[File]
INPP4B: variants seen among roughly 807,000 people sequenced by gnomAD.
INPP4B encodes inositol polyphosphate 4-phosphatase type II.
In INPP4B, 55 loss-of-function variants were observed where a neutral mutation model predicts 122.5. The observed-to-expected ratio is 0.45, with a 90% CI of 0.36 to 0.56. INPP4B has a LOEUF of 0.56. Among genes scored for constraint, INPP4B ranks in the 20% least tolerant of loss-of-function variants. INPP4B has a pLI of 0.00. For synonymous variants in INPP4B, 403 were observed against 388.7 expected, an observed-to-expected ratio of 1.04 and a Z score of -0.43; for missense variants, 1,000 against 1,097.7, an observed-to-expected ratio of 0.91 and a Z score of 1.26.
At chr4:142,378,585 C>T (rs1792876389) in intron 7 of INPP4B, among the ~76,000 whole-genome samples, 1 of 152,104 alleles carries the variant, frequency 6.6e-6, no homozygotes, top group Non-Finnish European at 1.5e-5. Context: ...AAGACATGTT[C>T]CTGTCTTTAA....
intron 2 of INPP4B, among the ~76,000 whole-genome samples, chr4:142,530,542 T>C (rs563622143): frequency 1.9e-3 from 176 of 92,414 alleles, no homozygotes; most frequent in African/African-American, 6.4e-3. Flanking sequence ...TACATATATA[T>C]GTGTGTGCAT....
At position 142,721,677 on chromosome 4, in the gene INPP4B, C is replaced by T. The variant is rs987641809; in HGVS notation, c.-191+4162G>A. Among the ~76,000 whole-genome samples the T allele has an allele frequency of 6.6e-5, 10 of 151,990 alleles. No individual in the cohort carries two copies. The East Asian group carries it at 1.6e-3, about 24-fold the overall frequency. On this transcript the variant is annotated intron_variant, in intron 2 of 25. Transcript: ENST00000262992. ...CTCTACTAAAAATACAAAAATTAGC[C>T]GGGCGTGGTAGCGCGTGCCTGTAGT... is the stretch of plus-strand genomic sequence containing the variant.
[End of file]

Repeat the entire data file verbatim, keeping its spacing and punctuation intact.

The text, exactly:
INPP4B: variants seen among roughly 807,000 people sequenced by gnomAD.
INPP4B encodes inositol polyphosphate 4-phosphatase type II.
In INPP4B, 55 loss-of-function variants were observed where a neutral mutation model predicts 122.5. The observed-to-expected ratio is 0.45, with a 90% CI of 0.36 to 0.56. INPP4B has a LOEUF of 0.56. Among genes scored for constraint, INPP4B ranks in the 20% least tolerant of loss-of-function variants. INPP4B has a pLI of 0.00. For synonymous variants in INPP4B, 403 were observed against 388.7 expected, an observed-to-expected ratio of 1.04 and a Z score of -0.43; for missense variants, 1,000 against 1,097.7, an observed-to-expected ratio of 0.91 and a Z score of 1.26.
At chr4:142,378,585 C>T (rs1792876389) in intron 7 of INPP4B, among the ~76,000 whole-genome samples, 1 of 152,104 alleles carries the variant, frequency 6.6e-6, no homozygotes, top group Non-Finnish European at 1.5e-5. Context: ...AAGACATGTT[C>T]CTGTCTTTAA....
intron 2 of INPP4B, among the ~76,000 whole-genome samples, chr4:142,530,542 T>C (rs563622143): frequency 1.9e-3 from 176 of 92,414 alleles, no homozygotes; most frequent in African/African-American, 6.4e-3. Flanking sequence ...TACATATATA[T>C]GTGTGTGCAT....
At position 142,721,677 on chromosome 4, in the gene INPP4B, C is replaced by T. The variant is rs987641809; in HGVS notation, c.-191+4162G>A. Among the ~76,000 whole-genome samples the T allele has an allele frequency of 6.6e-5, 10 of 151,990 alleles. No individual in the cohort carries two copies. The East Asian group carries it at 1.6e-3, about 24-fold the overall frequency. On this transcript the variant is annotated intron_variant, in intron 2 of 25. Transcript: ENST00000262992. ...CTCTACTAAAAATACAAAAATTAGC[C>T]GGGCGTGGTAGCGCGTGCCTGTAGT... is the stretch of plus-strand genomic sequence containing the variant.